Strictly speaking, movements to be counted as sects are those which constitute “separated believers”, that is to say, bodies which, because of differences of doctrine, practice, or organization, are in schism from the mainstream church(es), the broad tradition of which, however, they in large part share. It is this element of sharing, and the diminution over time of the significance of their differences, which permitted some erstwhile sects to graduate to the position of being regarded as denominations. Denominations generally share close parity of esteem one with another. They come to be recognized as such as the issues on which there is tension with the wider society—such tension being the typical circumstance of movements designated as sects—come to be resolved or dissipated. Thus, the Baptists, the Disciples of Christ, the Church of the Nazarene, and in some respects, even the Methodists, all exemplify bodies that have traversed the sect-to-denomination process. The gradual acknowledgement of denominational status of particular movements also indicates the growth of toleration in the wider society as, little-by-little, the legal restrictions (in Europe) on these movements and the social opprobrium which they suffered were eventually mitigated.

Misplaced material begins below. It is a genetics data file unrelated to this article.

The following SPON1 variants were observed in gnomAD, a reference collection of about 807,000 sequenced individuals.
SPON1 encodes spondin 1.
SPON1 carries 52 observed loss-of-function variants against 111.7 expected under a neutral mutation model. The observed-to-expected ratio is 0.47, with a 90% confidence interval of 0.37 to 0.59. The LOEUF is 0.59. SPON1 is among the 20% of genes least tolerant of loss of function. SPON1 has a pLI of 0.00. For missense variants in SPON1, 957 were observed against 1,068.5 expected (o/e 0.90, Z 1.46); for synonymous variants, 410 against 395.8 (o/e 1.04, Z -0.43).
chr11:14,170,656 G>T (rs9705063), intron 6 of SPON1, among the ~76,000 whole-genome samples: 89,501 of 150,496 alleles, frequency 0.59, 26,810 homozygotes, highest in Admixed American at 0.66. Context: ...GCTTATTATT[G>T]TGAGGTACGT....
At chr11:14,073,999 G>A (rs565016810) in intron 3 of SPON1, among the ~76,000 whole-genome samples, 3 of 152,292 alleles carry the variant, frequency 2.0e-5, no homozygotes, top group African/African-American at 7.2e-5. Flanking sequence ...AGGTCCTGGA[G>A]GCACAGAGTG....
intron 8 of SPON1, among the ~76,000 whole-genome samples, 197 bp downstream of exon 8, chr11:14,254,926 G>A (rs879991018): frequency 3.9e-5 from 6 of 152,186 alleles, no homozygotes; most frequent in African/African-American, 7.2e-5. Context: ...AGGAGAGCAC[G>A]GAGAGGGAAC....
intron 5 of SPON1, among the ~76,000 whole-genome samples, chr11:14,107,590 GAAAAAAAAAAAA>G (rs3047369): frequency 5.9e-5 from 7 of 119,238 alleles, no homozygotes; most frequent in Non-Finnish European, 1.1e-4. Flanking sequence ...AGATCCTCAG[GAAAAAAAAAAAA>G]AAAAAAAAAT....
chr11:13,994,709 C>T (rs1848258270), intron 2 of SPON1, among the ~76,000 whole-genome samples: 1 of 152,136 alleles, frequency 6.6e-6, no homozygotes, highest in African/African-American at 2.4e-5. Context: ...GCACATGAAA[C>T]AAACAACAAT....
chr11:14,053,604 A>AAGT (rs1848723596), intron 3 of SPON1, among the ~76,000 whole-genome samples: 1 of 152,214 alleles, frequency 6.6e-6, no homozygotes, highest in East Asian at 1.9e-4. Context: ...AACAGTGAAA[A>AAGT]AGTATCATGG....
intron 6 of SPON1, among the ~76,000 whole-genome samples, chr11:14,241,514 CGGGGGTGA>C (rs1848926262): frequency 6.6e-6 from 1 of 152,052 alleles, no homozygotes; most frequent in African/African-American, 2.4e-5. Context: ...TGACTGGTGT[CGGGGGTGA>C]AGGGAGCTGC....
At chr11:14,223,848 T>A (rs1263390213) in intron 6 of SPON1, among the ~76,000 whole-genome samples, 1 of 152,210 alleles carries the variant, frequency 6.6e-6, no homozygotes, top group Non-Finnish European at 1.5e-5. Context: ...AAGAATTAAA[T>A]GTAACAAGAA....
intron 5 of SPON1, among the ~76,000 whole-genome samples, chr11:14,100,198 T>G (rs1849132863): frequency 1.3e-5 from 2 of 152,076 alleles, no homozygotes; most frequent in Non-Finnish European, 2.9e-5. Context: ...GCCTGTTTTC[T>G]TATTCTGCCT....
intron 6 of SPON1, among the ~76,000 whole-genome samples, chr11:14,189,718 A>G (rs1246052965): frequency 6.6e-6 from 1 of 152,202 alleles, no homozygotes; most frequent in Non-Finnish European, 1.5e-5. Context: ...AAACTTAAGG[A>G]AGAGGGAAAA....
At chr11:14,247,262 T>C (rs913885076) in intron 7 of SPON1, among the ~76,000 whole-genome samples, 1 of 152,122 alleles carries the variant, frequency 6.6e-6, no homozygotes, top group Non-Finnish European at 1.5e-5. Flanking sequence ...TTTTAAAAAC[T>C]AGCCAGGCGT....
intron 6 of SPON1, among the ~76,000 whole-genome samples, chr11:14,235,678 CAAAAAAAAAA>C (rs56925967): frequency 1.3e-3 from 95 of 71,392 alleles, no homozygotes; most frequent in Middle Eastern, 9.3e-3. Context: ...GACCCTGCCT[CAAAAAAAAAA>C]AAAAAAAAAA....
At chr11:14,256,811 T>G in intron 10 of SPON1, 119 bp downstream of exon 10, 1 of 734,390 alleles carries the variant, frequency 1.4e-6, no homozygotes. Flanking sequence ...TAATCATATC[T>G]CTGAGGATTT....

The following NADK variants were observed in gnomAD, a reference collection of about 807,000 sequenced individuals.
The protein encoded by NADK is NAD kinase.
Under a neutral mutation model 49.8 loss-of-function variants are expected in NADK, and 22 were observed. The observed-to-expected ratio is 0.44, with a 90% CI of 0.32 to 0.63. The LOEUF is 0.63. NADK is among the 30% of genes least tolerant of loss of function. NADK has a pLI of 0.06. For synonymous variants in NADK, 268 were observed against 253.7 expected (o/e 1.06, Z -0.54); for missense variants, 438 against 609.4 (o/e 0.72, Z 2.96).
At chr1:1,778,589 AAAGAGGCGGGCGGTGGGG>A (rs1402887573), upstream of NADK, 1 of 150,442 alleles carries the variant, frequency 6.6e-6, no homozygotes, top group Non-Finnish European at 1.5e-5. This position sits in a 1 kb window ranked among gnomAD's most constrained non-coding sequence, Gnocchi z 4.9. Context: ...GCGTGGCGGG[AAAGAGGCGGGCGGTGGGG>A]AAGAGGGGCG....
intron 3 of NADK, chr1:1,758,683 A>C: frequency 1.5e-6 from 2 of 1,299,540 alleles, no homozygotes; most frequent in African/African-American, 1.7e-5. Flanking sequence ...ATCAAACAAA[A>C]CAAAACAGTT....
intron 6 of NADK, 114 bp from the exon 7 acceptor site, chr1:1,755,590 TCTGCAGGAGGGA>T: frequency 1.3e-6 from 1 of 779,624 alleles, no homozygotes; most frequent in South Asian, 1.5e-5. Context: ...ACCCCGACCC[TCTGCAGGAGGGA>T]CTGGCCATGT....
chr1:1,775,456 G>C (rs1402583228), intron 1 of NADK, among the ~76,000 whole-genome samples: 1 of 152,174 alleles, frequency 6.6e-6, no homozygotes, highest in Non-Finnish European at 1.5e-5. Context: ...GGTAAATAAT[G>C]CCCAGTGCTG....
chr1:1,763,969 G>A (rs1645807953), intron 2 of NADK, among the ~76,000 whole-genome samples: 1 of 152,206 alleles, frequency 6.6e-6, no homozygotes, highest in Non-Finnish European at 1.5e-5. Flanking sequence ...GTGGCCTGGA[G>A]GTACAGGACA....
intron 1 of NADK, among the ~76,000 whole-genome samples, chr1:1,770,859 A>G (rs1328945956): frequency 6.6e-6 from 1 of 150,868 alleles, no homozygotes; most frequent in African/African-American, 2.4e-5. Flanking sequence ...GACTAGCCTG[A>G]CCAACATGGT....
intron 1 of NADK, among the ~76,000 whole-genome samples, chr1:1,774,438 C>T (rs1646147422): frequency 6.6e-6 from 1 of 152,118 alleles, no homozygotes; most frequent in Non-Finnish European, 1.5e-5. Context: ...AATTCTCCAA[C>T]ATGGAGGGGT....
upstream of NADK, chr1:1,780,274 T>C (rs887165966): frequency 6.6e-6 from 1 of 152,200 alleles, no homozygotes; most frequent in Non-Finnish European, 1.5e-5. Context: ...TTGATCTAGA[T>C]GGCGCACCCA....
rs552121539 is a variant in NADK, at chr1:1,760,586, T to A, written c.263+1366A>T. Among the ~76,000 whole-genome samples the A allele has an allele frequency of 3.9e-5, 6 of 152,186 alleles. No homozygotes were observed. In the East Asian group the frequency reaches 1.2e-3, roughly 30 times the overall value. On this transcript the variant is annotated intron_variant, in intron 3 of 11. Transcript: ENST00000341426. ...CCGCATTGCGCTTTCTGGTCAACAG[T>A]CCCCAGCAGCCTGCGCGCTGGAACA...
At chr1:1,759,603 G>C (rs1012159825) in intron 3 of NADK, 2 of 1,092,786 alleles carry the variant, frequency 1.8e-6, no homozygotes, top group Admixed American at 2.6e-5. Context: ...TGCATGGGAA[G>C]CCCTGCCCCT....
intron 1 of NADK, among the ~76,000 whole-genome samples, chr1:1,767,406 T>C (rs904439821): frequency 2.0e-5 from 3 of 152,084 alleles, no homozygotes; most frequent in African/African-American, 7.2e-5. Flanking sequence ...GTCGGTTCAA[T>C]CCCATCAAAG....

Not all sects evolve into denominations, however, and much depends on their circumstances of origin and the type of orientation towards the world which characterizes their teaching. Sects which, like Jehovah’s Witnesses and the Christadelphians, make the early second advent the primary focus of their beliefs, are likely to remain in sectarian tension with the wider society, particularly if they pursue a vigorous evangelistic programme. So, too, are sects such as the Exclusive (i.e. Plymouth) Brethren, who (although also endorsing belief in the early return of Christ) make their central concern withdrawal from the wider society, which is regarded as inherently evil, into their own exclusive community. The tension existing between sects like these and the authorities and, at times, between the sects and the general public has tended to be concentrated not on any issue of the criminal law, but on the sectarians’ refusal to participate in the civic responsibilities commonly required of citizens. Thus, they have typically made conscientious objection to military service, or, in the case of some sects, sought exemption from jury service, or from membership of trade unions in countries (Britain and Sweden) where such membership was, in certain industries, actually or virtually obligatory. Over time, in country after country, such rights of conscience have gradually been conceded, as was the right of Jehovah’s Witnesses in the United States to exemption from saluting the national flag or from participating in singing the national anthem in school assemblies or on other public occasions. Christian sects, in these and other instances, have fought and often won their cases in national or, at times, international courts of justice: in doing so they have enlarged the area of religious freedom. But, as with those sects which eventually graduated into denominations, they were, especially in their earliest days as new movements, often subject to persecution, discrimination and harassment.